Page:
One “Los Angeles” baseball team made a splash this week, acquiring two solid relief pitchers to fix their bullpen issues. Unfortunately, it wasn’t the one that actually plays in Los Angeles.
The Los Angeles Angels of Anaheim made their first dent in the trade market early on, when they traded struggling former closer Ernesto Frieri to the Pirates for their struggling former closer, Jason Grilli.
About a week later, the Angels sent two prospects to the Arizona Diamondback for Joe Thatcher and Tony Compana, giving them a legit lefty out of the bullpen.
All the while, the Los Angeles Dodgers still have their bullpen issues. Brian Wilson had been coming around, posting a 0.87 ERA in June. However, Wilson had a disastrous first outing in July where he gave up three runs in the eighth to blow a 3-2 lead against the Cleveland Indians.
Kenley Jansen hasn’t been his dominant self, posting a 3.97 ERA so far this season. However, advanced metrics indicate than Jansen has just been ridiculously unlucky. His FIP, which ignores everything that pitchers can’t control, is 1.97, and his BABIP is .388. Both of these numbers indicate that Jansen has had horrible luck this season, and his 37% strikeout rate shows that he is just fine.
Other than Jansen and JP Howell, the rest of the Dodgers’ bullpen is suspect. Chris Perez and Paul Maholm have been awful. Brandon League has been great, but I’m still not sure how much I trust him late in the game. The same can be said for Jamey Wright. Replacing Perez and/or Maholm should be a priority for the Dodgers as the deadline approaches.
There is an in-house option for the bullpen. Paco Rodriguez was stellar last year until falling off in September, which was probably due to Don Mattingly overusing him. He has struggled in AAA this year, but Paco is a dynamic young lefty that could right the ship and provide value down the home stretch of the season.
If the Dodgers choose to make a move, they have plenty of tradable assets. Their overcrowded outfield could use some trimming, and Andre Ethier or Carl Crawford could see themselves in a different uniform before the season ends. For a team in sell mode like the New York Mets or Chicago Cubs, the Dodgers have some interesting prospects that could be moved for the right reliever.
The Mets have two bullpen arms that could instantly improve the Dodgers- Vic Black and Dana Eveland. Black is young and would be a lot harder to pry away from New York, but the Dodgers could make a play for Eveland. Eveland, a former Dodger, has pitched over his head and the Mets could look to sell high on him.
The Mets have needed outfield help for a while and could be interested in Scott Van Slyke, who has shown great power in limited playing time. With Yasiel Puig, Matt Kemp, Andre Ethier, and Carl Crawford on the major league roster and Joc Pederson waiting in the wings, there really is no place for Van Slyke in LA unless he’s cool being a career fourth outfielder. SVS deserves to start and could be a very good everyday player, that just won’t happen with the Dodgers.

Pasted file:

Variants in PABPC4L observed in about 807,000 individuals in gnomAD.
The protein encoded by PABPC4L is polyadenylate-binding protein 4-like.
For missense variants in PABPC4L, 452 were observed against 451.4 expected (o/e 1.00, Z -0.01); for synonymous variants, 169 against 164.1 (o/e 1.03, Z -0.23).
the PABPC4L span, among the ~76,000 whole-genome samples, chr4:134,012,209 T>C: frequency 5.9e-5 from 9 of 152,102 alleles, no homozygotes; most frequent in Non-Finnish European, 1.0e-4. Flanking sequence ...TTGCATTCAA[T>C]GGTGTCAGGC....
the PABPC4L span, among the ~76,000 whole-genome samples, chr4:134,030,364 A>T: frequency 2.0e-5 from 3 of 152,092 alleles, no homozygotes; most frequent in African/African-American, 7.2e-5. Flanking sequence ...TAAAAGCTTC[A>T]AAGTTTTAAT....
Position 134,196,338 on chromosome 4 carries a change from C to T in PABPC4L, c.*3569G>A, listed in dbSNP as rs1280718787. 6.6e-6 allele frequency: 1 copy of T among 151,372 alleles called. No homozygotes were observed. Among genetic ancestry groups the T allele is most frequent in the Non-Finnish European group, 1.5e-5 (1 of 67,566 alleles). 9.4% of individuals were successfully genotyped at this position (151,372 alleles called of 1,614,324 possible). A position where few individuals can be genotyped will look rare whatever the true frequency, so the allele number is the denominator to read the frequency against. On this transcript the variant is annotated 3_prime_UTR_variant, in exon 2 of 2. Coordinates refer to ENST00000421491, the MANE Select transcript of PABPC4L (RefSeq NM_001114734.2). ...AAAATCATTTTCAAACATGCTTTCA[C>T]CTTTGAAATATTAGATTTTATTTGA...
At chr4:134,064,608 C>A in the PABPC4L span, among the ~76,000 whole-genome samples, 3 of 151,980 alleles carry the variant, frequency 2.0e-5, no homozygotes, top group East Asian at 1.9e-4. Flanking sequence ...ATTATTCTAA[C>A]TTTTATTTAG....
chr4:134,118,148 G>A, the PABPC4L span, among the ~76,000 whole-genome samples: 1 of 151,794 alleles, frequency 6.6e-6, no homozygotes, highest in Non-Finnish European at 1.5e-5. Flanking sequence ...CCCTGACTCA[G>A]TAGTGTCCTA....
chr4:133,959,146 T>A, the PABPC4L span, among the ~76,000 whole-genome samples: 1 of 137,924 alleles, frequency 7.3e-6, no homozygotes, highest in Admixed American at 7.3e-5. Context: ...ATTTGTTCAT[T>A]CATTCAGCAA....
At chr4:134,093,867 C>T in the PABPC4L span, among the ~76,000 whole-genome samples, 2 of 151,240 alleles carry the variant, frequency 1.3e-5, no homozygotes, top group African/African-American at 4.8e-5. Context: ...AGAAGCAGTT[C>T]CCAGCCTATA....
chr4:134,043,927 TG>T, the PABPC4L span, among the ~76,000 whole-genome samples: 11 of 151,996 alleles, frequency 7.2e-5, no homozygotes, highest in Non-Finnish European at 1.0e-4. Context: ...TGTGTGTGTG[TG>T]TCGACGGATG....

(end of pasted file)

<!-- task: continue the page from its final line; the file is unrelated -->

The Chicago Cubs are also in sell mode (like always) and need pitching prospects. They just traded arguably their two best pitchers, and now have something like 500 highly rated infield prospects. For such a bad team, the Cubs actually have a solid bullpen with some trade value. James Russell, Pedro Strop, Neil Ramirez and Brian Schlitter are not necessarily household names, but have been great out of the Cubs’ bullpen this season. Strop has the worst stats of this group, with a 3.03 ERA and a .192 BAA.
The Dodgers could work out a small bullpen deal with the Cubs, or they could reach for the stars. Hanley Ramirez‘s contract is up at the end of the season, and he could be seeing his last few months as a Dodger. Between Starlin Castro, Javier Baez, Kris Bryant, Arismendy Alcantara and newly acquired Addison Russell, the Cubs have a lot of decisions to make about the future of their infield. It would take a lot, but the Dodgers could look to acquire Castro, who was the subject of trade rumors after a poor 2013 season.
Castro is still only 24 years old, but just received his third All-Star nomination and is still improving. He has proven to be durable (unlike Hanley), having played in all 87 games this year after only missing one game the last two years combined. Like Hanley, Castro isn’t the greatest defensive shortstop, but his fielding percentage has gone up in each of his five big league seasons. Castro is under team control until 2019 and would demand a lot, but the Cubs may not need him with a plethora of infield studs waiting in the minors.
The Dodgers could go for a home run and try to acquire Starlin Castro and either James Russell, Strop, Ramirez or Schlitter. The price tag will be high and likely cost two or three highly rated starting pitching prospects, but the Dodgers have an abundance of talented pitchers in the minors. Five of the top ten Dodgers prospects on MLB.com are starting pitchers, so a combination of two or three of Julio Urias, Zach Lee, Chris Anderson, Chris Reed and Tom Windle plus a few other prospects could persuade the Cubs into another blockbuster deal.
Acquiring Castro and one of the four Cubs relievers would be one of those rare moves that not only helps the Dodgers this season, but also helps down the line. However, Castro to the Dodgers isn’t even a real rumor, just an idea. Regardless of what the Cubs decide to do with Castro, the Dodgers need to make a deal to shore up the bullpen.